# Examples on Tangents and Normals Set 4

**Example – 9**

Find the angle of intersection between \({y^2} = 4x\,\,{\rm{and}}\,\,{x^2} = 4y\).

**Solution: **

There are two points of intersection, which can be obtained by simultaneously solving the equations for the two curves.

\[\begin{align}&{y^2} = 4x\,\,{\rm{and}}\,\,{x^2} = 4y\\\\

\Rightarrow \qquad \quad &{y^4} = 16{x^2} = 64y\\\\

\Rightarrow \qquad \quad &y\left( {{y^3} - 64} \right) = 0\\\\\Rightarrow \qquad \quad &y = 0,\,4\\\\ \Rightarrow \qquad \quad &\!\!\!\text{The points of intersection are (0, 0) and (4, 4). Let} \; m_{T_1}\; \rm{and}\; m_{T_2} \\&\!\!\text {represent the slopes of tangents to}\;x^2\,=\,4y\; \rm{and}\; y^2 = 4x \;\text {respectively.}\end{align}\]

\( \begin{align}\rm{\bf{At (0, 0):}} \qquad \qquad \qquad &{m_{{T_1}}} = {\left. {\frac{{dy}}{{dx}}} \right|_{x = 0}} = \frac{x}{2} = 0\\\\&{m_{{T_2}}} = {\left. {\frac{{dy}}{{dx}}} \right|_{x = 0}} = \frac{2}{y} = \infty\\\\\Rightarrow \qquad &\text{The angle between these two tangents is obviously 90° which is visually}\\&\text{clear from Fig – 6.}\end{align}\)

\(\begin{align}\rm{\bf{At (4, 4):}}\qquad \qquad \qquad &{m_{{T_1}}}{\left. { = \frac{{dy}}{{dx}}} \right|_{x = 4}} = \frac{x}{2} = 2\\\\&{m_{{T_2}}}{\left. { = \frac{{dy}}{{dx}}} \right|_{x = 4}} = \frac{2}{y} = \frac{1}{2}\end{align}\)

The angle of intersection is:

\[\theta ={{\tan }^{-1}}\left( \frac{2-{}^{1}\!\!\diagup\!\!{}_{2}\;}{1+2\times {}^{1}\!\!\diagup\!\!{}_{2}\;} \right)={{\tan }^{-1}}\left( \frac{3}{4} \right)\]

Therefore, the two curves intersect in two points, once at \({{90}^{\circ }}\) and once at \(\begin{align}{\tan ^{ - 1}}\left( {\frac{3}{4}} \right)\end{align}\)

**Example – 10**

Find the shortest distance between two points, one of which lies on the curve \({y^2} = 4ax,\) and the other on the circle \({x^2} + {y^2} - 24ay + 128{a^2} = 0\)

**Solution: **Notice that the circle’s equation can be written equivalently as

\[{\left( {x - 0} \right)^2} + {\left( {y - 12a} \right)^2} = {\left( {4a} \right)^2}\]

so that its centre is (0, 12*a*) and radius is 4*a*.

Let *MN* represent the shortest distance between the circle and the ellipse. Since the point *N* on the ellipse is nearest to the circle, it will also be nearest to the centre of the circle *O*, from amongst all the other points on the ellipse. Hence, to determine *MN*, we may equivalently find the shortest distance between the circle’s centre and any point on the ellipse.

Now, from Fig-8’s geometry, notice a very important fact. The tangent drawn at *M* must be perpendicular to *ON*, or equivalently, ** ON must be a normal to the ellipse**. Only then will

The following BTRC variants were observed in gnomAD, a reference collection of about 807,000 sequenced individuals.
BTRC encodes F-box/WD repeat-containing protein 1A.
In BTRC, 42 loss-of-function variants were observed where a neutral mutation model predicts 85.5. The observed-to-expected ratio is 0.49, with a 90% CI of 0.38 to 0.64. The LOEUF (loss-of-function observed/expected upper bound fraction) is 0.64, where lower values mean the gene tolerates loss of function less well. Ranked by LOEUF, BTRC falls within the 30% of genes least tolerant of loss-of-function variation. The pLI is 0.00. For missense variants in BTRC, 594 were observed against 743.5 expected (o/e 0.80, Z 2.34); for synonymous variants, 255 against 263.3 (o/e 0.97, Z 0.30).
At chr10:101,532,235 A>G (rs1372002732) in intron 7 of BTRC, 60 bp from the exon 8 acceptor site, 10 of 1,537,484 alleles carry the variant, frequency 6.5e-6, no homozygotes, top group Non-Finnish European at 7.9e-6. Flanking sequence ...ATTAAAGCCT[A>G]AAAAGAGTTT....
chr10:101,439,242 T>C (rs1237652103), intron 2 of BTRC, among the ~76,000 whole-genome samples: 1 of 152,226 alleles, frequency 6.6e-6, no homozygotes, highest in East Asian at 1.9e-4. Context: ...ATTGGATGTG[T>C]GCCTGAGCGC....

*N*be the closest point on the ellipse from

*O*. (Convince yourself that this should be true)

We take an arbitrary point on the parabola as \((at{^2},{\rm{ }}2at)\). We will write the normal to the parabola at this point and make this normal pass through the point *O*.

\[\begin{align}&{y^2} = 4ax\\\\ \Rightarrow \qquad &2y\frac{{dy}}{{dx}} = 4a\\\\\Rightarrow \qquad &\frac{{dy}}{{dx}} = \frac{{2a}}{y}\\\\&{m_N}\left( {at\left( {a{t^2},2at} \right)} \right) = {\left. {\frac{{ - dx}}{{dy}}} \right|_{\left( {a{t^2}, \, 2at} \right)}} = - t \end{align}\]

\(\begin{align}\rm{\bf{Equation \;\;of\;\; normal:}}\qquad \qquad \qquad &y - 2at = - t\left( {x - a{t^2}} \right)\\\Rightarrow \qquad &tx + y = 2at + a{t^3} \qquad \qquad \dots \rm{(i)}\end{align}\)

So that this normal passes through *O*, the co-ordinates of *O*(0, 12*a*) must satisfy (i)

\[\begin{align} \Rightarrow \qquad &12a = 2at + a{t^3}\\\\ \Rightarrow \qquad &2t + {t^3} = 12\\\\ \Rightarrow \qquad &t = 2\;\;\;\;\;\;\;\; \rm{(verify)} \end{align}\]

We therefore get the co-ordinates of *N* as (4*a*, 4*a*).

\(\begin{align}\text{Hence,} \qquad \qquad \qquad &ON = \sqrt {{{\left( {4a - 0} \right)}^2} + {{\left( {4a - 12a} \right)}^2}} = \sqrt {80{a^2}} = 4\sqrt 5 a\\\\\Rightarrow \qquad &MN = 4\sqrt 5 a - 4a = \,\,\,4\left( {\sqrt 5 - 1} \right)a \end{align}\)

**TRY YOURSELF - I**

**Q. 1 ** Find the equation of the tangent to the curve \(\begin{align}{\left( {\frac{x}{a}} \right)^n} + {\left( {\frac{y}{b}} \right)^n} = 20\end{align}\) at the point (*a*, *b*).

**Q. 2 ** If *l*_{1} and *l*_{2} are the lengths of the perpendiculars drawn from the origin on the gangent and normal to the curve \(\begin{align}{x^{2/3}} + {y^{2/3}} = {a^{2/3}}\end{align}\) respectively at an arbitrary point, find the value of \(\begin{align}4l_1^2 + l_2^2\end{align}\) in terms of *a*.

**Q. 3 ** Find the sum of the intercepts made on the coordinate axes by any tangent to the curve \(\sqrt x + \sqrt y = \sqrt a \)

**Q. 4 ** Find the angle at which the curves \(2{y^2} = {x^3}\;{\rm{and}}\;{y^2} = 32x\) intersect at the origin.

**Q. 5 ** If the tangent at \(\left( {{x_1},{y_1}} \right)\) to \({x^3} + {y^3} = {a^3}\) meets the curve again at \(\left( {{x_2},{y_2}} \right),\) find the value of \(\begin{align}\frac{{{x^2}}}{{{x_1}}} + \frac{{{y_2}}}{{{y_1}}}.\end{align}\)

**Q. 6 ** If \(ax + by = 1\) is a normal to the parabola \({y^2} = 4cx\), find the value of \(\begin{align}\frac{{{b^2} - c{a^3}}}{{a{b^3}c}}.\end{align}\)

**Q. 7 ** Do the curves \(\begin{align}xy = 4\;{\rm{and}}\;{x^2} + {y^2} = 8\end{align}\) touch each other or intersect?

**Q. 8 ** Find the equations of tangents drawn from (1, 2) to be curve \(\begin{align}{y^2} - 2{x^3} - 4y + 8 = 0\end{align}\)